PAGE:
Start: Zurich, October 13th
From the Book: Die Gordon Bennett Ballon Rennen
(The Gordon Bennett Races) by Ulrich Hohmann Sr
Gordon Bennett Races had lost nothing of their fascination. It had become more difficult than in the old days, to stay within the set borders, but as we had seen, long flights were still possible. According to the rules, Poland was in charge to host the race of 1984, but renounced. This was, beside financial problems, also for political and geographical reasons. Right in the middle of nations that did not love ballooning very much, the balloons would soon have reached their limits. Poland gave back the honour of hosting the race to the F.A.I. and Switzerland stepped in and helped out. This country, rich in ballooning tradition, already had hosted the race in 1932 as a substitute, when the USA had not been able to host it. The race was invited to Zurich and the date was put to fall, because then the tendency for thunderstorms is less, as the statistics of the past 15 years, contributed by the Swiss meteorological institution, showed. The day of the launch was decided by the moon, for at full moon navigation is much easier for the pilots. The time for the launch was set by the air traffic control of the airport Zürich-Kloten which was close to the launch field. The controllers did not want to have balloons in the sky as long as there was the evening airplane air traffic, so the first balloon could not launch before 11 p.m. Short after midnight, all were on their journey. But before this happened, the organizers of the race had to solve a lot of other problems.
First of all, there was a problem with the transportation of the hydrogen. The balloons were no longer, like until 1938, filled with coal gas, which had been available in every larger town. Hydrogen had to be brought from a chemical factory to the launch field by a special transportation truck. Seven of these trucks were necessary. They had to be back to their factories in the evening. Originally, the launch was set for Sunday evening, October 14th. But for Sunday, no permission for driving these trucks could be obtained from the authorities for road traffic. What could be done? Inflating the balloons on Saturday and leaving them on the launch field for 24 hours. This would increase the risks. Hydrogen is easy inflammable (it becomes only if mixed with oxygen). Condensed in the special tanks of the trucks little could happen, but a whole night and a whole day on the launch field with the gas in the balloons, an accident might occur. So the organization put the date for launch to Saturday, the night before full moon.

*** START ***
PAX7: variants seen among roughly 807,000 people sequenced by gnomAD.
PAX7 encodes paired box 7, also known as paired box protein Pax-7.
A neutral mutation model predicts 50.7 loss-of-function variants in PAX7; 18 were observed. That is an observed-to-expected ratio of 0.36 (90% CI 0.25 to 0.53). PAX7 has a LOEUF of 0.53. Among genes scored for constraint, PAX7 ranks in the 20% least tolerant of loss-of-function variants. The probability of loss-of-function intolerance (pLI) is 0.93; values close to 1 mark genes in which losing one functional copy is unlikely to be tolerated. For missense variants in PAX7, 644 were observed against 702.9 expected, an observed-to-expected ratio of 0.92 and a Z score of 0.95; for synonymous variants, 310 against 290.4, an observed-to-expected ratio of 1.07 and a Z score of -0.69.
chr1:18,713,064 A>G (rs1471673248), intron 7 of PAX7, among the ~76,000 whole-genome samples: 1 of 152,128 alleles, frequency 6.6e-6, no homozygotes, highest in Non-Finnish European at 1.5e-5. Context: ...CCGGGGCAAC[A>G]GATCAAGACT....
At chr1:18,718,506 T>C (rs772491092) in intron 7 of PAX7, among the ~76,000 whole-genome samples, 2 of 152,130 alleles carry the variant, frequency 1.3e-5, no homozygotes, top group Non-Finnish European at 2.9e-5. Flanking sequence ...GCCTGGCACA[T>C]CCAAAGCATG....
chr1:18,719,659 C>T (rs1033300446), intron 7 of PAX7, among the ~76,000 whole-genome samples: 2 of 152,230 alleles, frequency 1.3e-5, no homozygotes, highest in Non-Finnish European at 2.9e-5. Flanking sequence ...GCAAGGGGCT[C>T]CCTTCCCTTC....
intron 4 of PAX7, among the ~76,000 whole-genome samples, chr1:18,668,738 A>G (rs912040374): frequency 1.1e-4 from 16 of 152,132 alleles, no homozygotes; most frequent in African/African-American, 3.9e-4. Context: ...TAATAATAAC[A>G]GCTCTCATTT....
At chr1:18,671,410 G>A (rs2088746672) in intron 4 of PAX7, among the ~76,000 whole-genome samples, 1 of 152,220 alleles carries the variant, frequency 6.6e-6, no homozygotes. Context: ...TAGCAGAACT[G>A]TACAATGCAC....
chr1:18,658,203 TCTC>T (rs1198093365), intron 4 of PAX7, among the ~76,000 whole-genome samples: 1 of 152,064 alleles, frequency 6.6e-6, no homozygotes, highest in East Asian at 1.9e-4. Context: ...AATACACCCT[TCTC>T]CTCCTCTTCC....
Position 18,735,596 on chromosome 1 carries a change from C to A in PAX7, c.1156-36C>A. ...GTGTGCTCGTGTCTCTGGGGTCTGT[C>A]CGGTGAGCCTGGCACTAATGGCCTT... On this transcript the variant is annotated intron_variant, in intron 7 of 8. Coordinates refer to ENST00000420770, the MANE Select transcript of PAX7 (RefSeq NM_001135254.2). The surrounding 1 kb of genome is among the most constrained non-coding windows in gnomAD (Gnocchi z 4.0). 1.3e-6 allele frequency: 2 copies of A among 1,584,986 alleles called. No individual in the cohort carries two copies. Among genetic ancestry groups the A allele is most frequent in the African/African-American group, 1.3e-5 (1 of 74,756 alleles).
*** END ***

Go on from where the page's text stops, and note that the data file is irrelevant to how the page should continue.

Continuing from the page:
This new date had to be discussed again with air traffic control at Zürich-Kloten. Permission for the flight of the balloons was given with a limitation of the maximum altitude, above the plains of northern Switzerland, only fight-level 80 (2700 meters) were permitted, over the Alps they were allowed to climb up to flight level 140 (4700 meters). At first in other countries the maximum altitude was put up to flight-level 190 (6300 meters). This was a big reduction to the tactical calculations of the competitors. An Ernest Demuyter (and several others) had gained their victories by climbing to high altitudes short after launch, to use the higher wind speeds up there. This was no longer possible due to the much heavier air traffic.
Also prior to the race were the Swiss organizers efforts to drill at least a little hole to the "Iron Curtain". If something like this was tried by a neutral country like Switzerland, the chances for success might be better as if done by a nation, bound to a block. Dr. Ernst Iselin, in charge for the organization of the race, tried it on two different levels: On one side, he approached the eastern countries by the Swiss foreign office, on the other side via the national aero clubs. After lots of applications and requests, may telephone calls and fax messages, the answers came in. German Democratic Republic, Poland, Czechoslovakia, Yugoslavia and Bulgaria rejected any fly in and fly across because of "full airspace". Hungary and Romania opened their borders. If the wind would come from the northwest, a runway down to the Black Sea would have been open. Even if there was only a little success in the year 1984, our Swiss friends had put out their feelers, cleared the terrain and set an important foundation for a change of mind in several countries of the eastern block. Balloonists of the whole western world owe them gratitude for this.
The pilots were not involved in the difficult and long discussions prior to the race. They discussed the successful Atlantic crossing of 56-years old American Joe Kittinger one month before (September 18th), who had landed with his balloon ROSIE O'GRADY BALLOON OF PEACE after a flight of 5600 kilometres near Savona in Italy. For the first time, a pilot flying solo had managed the crossing, after flying 84 hours.